The link between PTSD and alcoholism

The link between PTSD and alcoholism

In the UK, nearly 40% of people with a substance misuse disorder (including alcohol) also have a PTSD diagnosis. Research also shows that people with PTSD are around four times more likely to be affected by alcohol dependence than the general population.

PTSD can leave people with a host of difficult feelings, memories and symptoms. It’s not uncommon for people affected by PTSD to turn to alcohol to numb these symptoms and flashbacks, or to try to feel a bit more in control of their thoughts and daily life. Sometimes people feel unable to talk about trauma, and alcohol can become a way to block out the pain. Alcoholism falls into the ‘avoidance’ category of PTSD symptoms, because the person is using alcohol as a way to escape their memories. It’s a common comorbidity (the presence of two or more medical conditions at the same time) for men and women with PTSD (though men tend to drink alcohol to enhance positive feelings, while women tend to drink to cope with or reduce negative feelings).

But the link between the two is a little more complicated: alcohol misuse can be a risk factor or trigger for PTSD as well as a symptom (meaning that for some people, alcohol consumption increases the likelihood of developing PTSD after a trauma).

And sometimes alcohol dependence is simply a comorbidity that appears alongside PTSD, without one necessarily causing the other – possibly because the two conditions share many risk factors, such as combat experience, childhood trauma and mental health challenges.

How does PTSD cause alcoholism?

Using alcohol to avoid or numb feelings can eventually escalate into alcoholism. There’s also a neurological explanation. During a traumatic event, the brain releases endorphins (neurotransmitters that reduce pain and ease stress) to protect itself. Once the event is over, those endorphins disappear. That feeling can be a lot like alcohol withdrawal, and it’s common for people with PTSD to use alcohol to replace those endorphins.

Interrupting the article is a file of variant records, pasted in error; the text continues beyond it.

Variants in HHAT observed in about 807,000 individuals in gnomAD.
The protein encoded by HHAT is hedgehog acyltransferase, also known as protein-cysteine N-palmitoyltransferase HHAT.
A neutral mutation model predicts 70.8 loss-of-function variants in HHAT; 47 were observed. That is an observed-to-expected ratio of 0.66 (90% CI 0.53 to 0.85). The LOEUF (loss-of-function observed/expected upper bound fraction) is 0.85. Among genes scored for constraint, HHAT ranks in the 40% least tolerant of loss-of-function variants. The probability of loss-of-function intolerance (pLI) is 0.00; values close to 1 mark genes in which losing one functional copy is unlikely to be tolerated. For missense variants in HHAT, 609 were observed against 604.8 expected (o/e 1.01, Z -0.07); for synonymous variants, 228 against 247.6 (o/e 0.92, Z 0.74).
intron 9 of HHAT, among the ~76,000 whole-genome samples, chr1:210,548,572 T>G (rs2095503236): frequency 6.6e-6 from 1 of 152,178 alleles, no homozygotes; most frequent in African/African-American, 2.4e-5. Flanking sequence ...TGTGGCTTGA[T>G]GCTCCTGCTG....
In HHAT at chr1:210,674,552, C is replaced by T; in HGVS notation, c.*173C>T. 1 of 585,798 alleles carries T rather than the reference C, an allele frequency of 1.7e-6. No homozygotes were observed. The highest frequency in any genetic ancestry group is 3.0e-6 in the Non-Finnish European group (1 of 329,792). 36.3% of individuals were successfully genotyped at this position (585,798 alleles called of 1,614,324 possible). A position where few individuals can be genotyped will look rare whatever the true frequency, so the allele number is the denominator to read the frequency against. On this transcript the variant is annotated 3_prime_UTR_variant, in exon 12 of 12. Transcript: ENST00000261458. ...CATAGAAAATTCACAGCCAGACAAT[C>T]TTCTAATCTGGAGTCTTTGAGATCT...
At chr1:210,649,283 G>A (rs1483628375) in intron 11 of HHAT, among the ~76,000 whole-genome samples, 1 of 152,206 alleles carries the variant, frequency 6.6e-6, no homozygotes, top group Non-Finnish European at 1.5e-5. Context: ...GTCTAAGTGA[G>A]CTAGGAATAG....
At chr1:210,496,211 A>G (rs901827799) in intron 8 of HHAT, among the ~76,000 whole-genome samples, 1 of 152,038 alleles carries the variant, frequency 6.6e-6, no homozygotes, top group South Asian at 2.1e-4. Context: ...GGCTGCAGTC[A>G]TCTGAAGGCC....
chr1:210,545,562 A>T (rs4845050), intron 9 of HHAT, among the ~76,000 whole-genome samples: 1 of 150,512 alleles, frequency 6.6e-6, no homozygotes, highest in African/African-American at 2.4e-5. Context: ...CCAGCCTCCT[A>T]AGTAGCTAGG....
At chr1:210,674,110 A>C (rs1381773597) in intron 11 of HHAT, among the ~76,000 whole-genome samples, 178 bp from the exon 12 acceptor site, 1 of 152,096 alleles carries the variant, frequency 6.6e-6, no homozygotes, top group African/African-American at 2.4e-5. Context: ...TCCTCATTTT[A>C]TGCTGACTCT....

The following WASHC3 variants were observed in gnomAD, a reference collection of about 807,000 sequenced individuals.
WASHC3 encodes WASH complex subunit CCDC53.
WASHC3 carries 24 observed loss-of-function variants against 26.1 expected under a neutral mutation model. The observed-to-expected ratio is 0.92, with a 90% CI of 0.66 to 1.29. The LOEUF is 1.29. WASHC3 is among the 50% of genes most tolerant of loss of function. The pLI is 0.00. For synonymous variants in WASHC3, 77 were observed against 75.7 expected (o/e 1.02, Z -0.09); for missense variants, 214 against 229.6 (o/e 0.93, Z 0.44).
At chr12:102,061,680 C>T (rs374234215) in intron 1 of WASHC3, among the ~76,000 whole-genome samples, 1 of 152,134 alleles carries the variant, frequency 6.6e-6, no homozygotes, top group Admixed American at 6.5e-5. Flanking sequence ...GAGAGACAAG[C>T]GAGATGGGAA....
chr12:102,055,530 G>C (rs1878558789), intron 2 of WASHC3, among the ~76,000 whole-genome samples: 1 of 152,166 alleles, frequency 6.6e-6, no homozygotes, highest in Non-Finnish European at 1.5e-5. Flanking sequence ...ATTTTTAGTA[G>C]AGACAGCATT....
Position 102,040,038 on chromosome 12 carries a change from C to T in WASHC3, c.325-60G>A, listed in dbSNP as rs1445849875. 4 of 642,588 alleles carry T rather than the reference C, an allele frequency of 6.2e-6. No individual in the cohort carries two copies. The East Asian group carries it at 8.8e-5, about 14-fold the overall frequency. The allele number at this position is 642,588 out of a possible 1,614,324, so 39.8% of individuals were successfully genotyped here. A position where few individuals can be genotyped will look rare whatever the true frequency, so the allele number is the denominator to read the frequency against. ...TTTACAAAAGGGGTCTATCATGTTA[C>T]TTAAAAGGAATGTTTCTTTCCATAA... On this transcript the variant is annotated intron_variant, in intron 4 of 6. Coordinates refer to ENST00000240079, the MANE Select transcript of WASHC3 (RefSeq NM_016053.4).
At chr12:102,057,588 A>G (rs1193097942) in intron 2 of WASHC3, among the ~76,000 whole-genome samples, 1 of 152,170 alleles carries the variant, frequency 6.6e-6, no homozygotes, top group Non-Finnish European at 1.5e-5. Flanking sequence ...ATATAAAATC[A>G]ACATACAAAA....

What starts as a coping mechanism can soon become part of the problem, as the individual needs to drink more and more to achieve the same effect. This can lead to addiction, where the individual has to deal with a dual diagnosis of alcohol dependency and PTSD.

The effects of alcohol on PTSD symptoms

Using alcohol to self-medicate can create a vicious cycle. Alcohol is a depressant, which means it can exacerbate PTSD symptoms such as anxiety and depression. When those symptoms get worse, the need to drink becomes more urgent. Drinking too much can cause someone with PTSD to engage in riskier behaviour, such as getting into fights, driving while drunk, or finding themselves in vulnerable situations.

And of course, if someone is using alcohol to mask the symptoms of PTSD, that means they may go longer without realising they have PTSD, so the root cause of the symptoms goes untreated. 

Treatment for alcoholism and PTSD